The object of punishment is prevention from evil; it never can be made impulsive to good.
To my mind, to kill in war is not a whit better than to commit ordinary murder.
Women now have choices. They can be married, not married, have a job, not have a job, be married with children, unmarried with children. Men have the same choice we've always had: work, or prison.
The perfection of a thing consists in its essence; there are perfect criminals, as there are men of perfect probity.
It was only when I lay there on the rotting prison straw that I sensed within myself the first stirrings of good. Gradually it was disclosed to me that the line separating good and evil passes not between states nor between social classes nor between political parties, but right through every human heart, through all human hearts. And that is why I turn back to the years of my imprisonment and say, sometimes to the astonishment of those about me, bless you, prison, for having been a part of my life.
Definition, rationality, and structure are ways of seeing, but they become prisons when they blank out other ways of seeing.
There is no greater punishment of wickedness that that it is dissatisfied with itself and its deeds.
I never saw a man who looked With such a wistful eye Upon that little tent of blue Which prisoners call the sky.
If it's near dinner-time, the foreman takes out his watch when the jury has retired, and says: "Dear me, gentlemen, ten minutes to five, I declare! I dine at five, gentlemen." "So do I," says everybody else, except two men who ought to have dined at three and seem more than half disposed to stand out in consequence. The foreman smiles, and puts up his watch:--"Well, gentlemen, what do we say, plaintiff or defendant, gentlemen?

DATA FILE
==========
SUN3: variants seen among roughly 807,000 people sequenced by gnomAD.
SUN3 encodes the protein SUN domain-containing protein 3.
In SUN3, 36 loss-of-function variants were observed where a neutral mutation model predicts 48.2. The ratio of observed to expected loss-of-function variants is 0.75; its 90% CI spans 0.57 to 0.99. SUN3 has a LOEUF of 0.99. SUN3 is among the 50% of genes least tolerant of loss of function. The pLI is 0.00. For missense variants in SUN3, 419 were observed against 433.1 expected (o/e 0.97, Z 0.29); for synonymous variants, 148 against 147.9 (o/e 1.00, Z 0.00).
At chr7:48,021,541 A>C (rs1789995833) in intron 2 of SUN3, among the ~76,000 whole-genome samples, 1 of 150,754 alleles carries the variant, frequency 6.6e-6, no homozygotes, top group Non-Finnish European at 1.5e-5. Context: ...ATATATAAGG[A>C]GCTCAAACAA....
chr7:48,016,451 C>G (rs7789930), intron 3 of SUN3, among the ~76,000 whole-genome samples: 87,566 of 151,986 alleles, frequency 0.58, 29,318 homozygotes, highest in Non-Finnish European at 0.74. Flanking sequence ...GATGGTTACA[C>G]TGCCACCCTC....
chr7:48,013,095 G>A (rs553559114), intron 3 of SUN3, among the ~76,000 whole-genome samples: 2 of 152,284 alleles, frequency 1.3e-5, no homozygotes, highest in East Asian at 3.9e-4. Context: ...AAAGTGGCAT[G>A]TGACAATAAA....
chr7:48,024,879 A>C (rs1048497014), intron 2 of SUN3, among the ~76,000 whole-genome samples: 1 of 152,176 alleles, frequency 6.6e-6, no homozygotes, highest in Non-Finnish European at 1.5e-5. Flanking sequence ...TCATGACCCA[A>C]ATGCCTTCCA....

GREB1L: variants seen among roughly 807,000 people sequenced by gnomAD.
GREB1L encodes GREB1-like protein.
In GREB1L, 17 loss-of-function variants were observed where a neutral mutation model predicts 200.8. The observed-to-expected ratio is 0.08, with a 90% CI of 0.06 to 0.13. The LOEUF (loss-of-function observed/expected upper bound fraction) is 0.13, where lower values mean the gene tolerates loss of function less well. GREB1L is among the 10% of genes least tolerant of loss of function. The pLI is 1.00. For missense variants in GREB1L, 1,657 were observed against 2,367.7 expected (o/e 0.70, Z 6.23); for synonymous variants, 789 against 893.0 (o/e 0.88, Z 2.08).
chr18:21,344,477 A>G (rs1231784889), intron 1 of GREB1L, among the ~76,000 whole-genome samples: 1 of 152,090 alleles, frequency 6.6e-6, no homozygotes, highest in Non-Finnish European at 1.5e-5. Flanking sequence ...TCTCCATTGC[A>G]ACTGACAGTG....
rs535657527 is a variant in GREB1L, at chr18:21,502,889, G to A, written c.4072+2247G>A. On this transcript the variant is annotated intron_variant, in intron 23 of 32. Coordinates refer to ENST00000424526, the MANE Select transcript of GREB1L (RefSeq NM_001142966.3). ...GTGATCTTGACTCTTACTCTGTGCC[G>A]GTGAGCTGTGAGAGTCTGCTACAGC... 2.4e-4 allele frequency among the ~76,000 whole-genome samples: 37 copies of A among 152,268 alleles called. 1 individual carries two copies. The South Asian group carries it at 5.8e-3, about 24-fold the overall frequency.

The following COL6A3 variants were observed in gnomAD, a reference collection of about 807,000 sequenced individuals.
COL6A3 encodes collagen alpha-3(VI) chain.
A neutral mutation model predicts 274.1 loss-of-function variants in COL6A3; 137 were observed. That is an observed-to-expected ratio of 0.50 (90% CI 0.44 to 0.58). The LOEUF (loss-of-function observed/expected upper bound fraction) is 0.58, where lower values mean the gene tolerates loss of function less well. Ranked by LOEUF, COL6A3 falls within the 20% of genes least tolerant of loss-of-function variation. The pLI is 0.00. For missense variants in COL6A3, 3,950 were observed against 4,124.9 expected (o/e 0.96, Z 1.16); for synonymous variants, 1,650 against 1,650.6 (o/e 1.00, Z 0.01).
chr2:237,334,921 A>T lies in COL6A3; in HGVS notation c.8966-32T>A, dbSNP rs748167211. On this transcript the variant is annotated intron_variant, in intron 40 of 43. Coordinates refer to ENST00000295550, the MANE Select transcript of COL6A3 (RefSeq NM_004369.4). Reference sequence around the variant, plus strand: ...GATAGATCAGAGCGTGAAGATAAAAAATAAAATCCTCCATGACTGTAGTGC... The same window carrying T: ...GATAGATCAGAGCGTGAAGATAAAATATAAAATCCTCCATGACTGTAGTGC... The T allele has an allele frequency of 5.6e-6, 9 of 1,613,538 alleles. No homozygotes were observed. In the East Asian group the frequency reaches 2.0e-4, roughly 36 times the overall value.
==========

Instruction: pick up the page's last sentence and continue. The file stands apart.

The uneven impact of actual enforcement measures tends to mirror and reinforce more general patterns of discrimination (along socioeconomic, racial and ethnic, sexual, and perhaps generational lines) within the society. As a consequence, such enforcement (ineffective as it may be in producing conformity) almost certainly reinforces feelings of alienation already prevalent within major segments of the population.
Since 1957, black people have experienced double-digit unemployment - in good times and bad times. Look at the population of African Americans in prison. They represent more than half the population of prisoners in the country, 55 percent of those on death row.
Everyone is a prisoner of his own experiences. No one can eliminate prejudices - just recognize them.
The reformative effect of punishment is a belief that dies hard, chiefly I think, because it is so satisfying to our sadistic impulses.
Prisons don't rehabilitate, they don't punish, they don't protect, so what the hell do they do?
The worst prison is not of stone. It is of a throbbing heart, outraged by an infamous life.
Wicked deeds are generally done, even with impunity, for the mere desire of occupation.
I asked a man in prison once how he happened to be there and he said he had stolen a pair of shoes. I told him if he had stolen a railroad he would be a United States Senator.
I wrote a million words in the first year, and I could never have done that outside of prison.
If we were brought to trial for the crimes we have committed against ourselves, few would escape the gallows.
We have initiated programs for re-entry offenders, since some 500,000 to 600,000 offenders will come out of prison each year for the next three or four years. We want to have positive alternatives when they come back to the community.
I was put into jail as I was going to the shoemaker's to get a shoe which was mended. When I was let out the next morning, I proceeded to finish my errand, and, having put on my mended shoe, joined a huckleberry party, who were impatient to put themselves under my conduct; and in half an hour -- for the horse was soon tackled -- was in the midst of a huckleberry field, on one of our highest hills, two miles off, and then the State was nowhere to be seen.